Mike Skinner wrote a post about the end-times prophecy approach to the Bible, and the attempt by some to identify Vladmir Putin as Ezekiel’s Gog. Here’s the conclusion:
Let’s stop the madness of pretending that ancient prophetic texts are futuristic codes for us to decipher current political events. Let’s read the biblical texts responsibly.
Click through to read how he gets there, with good reasons why this way of approaching the Bible is problematic (to say the least).
A few days ago I received a piece of mail about an event that is coming to Indiana, called “Revelation Speaks Peace.” The pamphlet says “The Bible will be our guide” and yet also talks about “The New World Order” and promises that one of the topics will be “How To Postpone Your Funeral.”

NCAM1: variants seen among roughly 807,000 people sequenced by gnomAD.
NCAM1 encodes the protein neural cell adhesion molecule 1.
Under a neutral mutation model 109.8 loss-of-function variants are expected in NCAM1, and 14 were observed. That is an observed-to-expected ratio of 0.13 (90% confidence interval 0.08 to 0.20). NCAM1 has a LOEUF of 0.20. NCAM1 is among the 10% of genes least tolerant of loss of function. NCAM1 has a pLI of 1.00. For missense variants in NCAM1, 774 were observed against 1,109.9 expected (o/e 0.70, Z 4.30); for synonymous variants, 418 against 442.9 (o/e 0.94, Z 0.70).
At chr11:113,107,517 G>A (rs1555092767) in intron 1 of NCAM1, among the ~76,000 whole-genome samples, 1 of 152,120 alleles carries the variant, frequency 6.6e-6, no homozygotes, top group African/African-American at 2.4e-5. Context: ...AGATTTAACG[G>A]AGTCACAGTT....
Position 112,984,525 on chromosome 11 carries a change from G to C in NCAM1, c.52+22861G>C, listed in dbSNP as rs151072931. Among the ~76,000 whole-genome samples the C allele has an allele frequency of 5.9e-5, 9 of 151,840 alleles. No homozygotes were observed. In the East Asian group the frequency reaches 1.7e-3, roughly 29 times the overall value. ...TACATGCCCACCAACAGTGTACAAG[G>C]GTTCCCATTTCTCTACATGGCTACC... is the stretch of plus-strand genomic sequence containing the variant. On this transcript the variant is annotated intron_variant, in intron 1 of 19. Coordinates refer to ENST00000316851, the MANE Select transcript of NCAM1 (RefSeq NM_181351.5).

The key reason why some people will think this event is worth attending is a lack of Biblical literacy and knowledge of church history. It is the same in any area. If you do not have a basic grasp of a subject area, then whether a person is claiming to stick to what the Bible says, or give you what the scientific facts indicate, you will probably not be able to tell whether those claims are actually true.
Why do I mention a knowledge of history, as well as Biblical literacy? It relates to a point I’ve made about other aspects of conservative Christian approaches to interpreting the Bible. If you aren’t aware that the same approach to the Bible which you adopt was used by those who defended slavery, then you may be less likely to think that the approach itself is problematic. The same goes for the history of end-times thinking. If you don’t realize that the same approach that is being used to say that end times events are unfolding before your eyes has been applied to events for as long as Christianity has been around, you won’t approach those claims with the skepticism they deserve.